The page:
9) Student data analysis should be completely stoppable — and recoverable.
10) Institutional IP should be protected.
If you haven’t heard of Pearson, perhaps you have heard of one of the publishers they own, like Adobe, Scott Foresman, Penguin, Longman, Wharton, Harcourt, Puffin, Prentice Hall, or Allyn & Bacon (among others). If you haven’t heard of Pearson, perhaps you have heard of one of their tests, like the National Assessment of Educational Progress, the Stanford Achievement Test, the Millar Analogy Test, or the G.E.D. Or their data systems, like PowerSchool and SASI. 
In a little over a decade, Pearson has practically taken over education as we know it. Currently, it is the largest educational assessment company in the U.S. Twenty-five states use them as their only source of large-scale testing, and they give and mark over a billion multiple choice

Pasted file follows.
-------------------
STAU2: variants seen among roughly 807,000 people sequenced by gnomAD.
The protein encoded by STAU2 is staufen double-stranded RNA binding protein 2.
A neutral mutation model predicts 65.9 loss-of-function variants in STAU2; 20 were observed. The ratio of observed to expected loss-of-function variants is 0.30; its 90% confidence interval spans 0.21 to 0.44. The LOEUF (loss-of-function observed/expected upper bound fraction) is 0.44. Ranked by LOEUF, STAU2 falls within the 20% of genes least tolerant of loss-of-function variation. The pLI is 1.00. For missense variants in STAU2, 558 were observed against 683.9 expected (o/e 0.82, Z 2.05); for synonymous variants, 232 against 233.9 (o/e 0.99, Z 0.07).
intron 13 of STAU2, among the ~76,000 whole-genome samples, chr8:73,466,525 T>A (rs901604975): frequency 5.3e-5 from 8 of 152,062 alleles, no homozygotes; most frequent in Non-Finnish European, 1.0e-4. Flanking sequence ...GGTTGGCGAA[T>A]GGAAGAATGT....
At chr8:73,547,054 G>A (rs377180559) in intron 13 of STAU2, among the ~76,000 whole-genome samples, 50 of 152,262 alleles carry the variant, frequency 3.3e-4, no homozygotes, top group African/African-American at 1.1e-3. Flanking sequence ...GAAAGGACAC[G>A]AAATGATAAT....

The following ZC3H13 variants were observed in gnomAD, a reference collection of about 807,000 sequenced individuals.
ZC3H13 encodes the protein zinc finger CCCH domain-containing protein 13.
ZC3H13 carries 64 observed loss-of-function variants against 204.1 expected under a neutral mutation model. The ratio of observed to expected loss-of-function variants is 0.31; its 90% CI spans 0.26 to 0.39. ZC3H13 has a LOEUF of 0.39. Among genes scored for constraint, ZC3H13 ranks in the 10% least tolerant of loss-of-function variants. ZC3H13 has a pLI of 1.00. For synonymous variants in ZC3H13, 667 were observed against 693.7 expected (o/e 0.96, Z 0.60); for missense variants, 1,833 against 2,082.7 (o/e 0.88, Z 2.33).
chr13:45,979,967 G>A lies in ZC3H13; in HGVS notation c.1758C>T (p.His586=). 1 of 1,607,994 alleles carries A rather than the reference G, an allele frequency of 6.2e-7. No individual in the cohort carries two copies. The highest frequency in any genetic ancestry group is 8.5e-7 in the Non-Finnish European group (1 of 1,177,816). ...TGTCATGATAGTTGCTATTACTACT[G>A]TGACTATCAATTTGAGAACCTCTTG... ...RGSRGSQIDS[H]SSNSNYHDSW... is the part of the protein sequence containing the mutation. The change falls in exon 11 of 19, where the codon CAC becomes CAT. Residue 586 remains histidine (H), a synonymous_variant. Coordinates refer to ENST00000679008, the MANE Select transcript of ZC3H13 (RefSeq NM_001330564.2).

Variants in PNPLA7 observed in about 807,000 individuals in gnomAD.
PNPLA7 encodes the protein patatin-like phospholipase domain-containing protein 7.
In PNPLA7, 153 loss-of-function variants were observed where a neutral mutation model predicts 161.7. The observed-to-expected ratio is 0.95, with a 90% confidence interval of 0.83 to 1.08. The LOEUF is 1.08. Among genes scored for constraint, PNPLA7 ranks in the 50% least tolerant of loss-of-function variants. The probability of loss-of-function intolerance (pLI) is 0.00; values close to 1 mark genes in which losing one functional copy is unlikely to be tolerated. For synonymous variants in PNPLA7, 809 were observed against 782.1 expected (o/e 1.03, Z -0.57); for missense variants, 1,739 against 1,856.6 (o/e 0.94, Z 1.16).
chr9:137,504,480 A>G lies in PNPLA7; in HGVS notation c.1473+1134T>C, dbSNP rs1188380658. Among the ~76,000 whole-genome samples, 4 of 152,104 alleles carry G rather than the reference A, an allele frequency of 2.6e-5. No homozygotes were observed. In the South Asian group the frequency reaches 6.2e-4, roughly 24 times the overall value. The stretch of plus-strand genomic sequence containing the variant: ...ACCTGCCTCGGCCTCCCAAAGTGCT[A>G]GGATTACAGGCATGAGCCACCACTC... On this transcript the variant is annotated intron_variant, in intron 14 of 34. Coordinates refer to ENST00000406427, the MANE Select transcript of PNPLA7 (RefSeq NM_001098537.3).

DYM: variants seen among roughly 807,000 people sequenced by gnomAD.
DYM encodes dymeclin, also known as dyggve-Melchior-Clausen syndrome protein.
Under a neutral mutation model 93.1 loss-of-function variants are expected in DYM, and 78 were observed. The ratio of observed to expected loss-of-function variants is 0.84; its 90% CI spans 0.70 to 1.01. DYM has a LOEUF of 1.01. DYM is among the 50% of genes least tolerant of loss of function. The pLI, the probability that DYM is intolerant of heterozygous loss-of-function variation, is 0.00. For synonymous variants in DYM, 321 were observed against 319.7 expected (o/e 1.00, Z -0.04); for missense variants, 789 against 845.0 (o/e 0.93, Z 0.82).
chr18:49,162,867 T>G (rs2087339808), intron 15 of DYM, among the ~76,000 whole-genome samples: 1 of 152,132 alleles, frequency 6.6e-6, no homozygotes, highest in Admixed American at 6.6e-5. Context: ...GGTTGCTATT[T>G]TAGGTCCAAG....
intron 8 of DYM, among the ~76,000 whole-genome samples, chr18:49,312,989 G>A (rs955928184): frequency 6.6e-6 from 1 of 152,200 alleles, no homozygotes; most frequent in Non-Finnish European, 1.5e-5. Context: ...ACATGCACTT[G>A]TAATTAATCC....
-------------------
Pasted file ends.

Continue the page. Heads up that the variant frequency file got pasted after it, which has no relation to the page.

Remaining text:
tests every year. They are one of the largest suppliers of textbooks, especially as they look to acquire Random House this year. Their British imprint EdExcel is the largest examination board in the UK to be held in non-government hands.
The idea of “lossless learning” was inspired at first by a desire to think differently about some of the fundamental concepts we take for granted in education, like transmission and reception of information, in order to help teachers and technologists find new ways forward.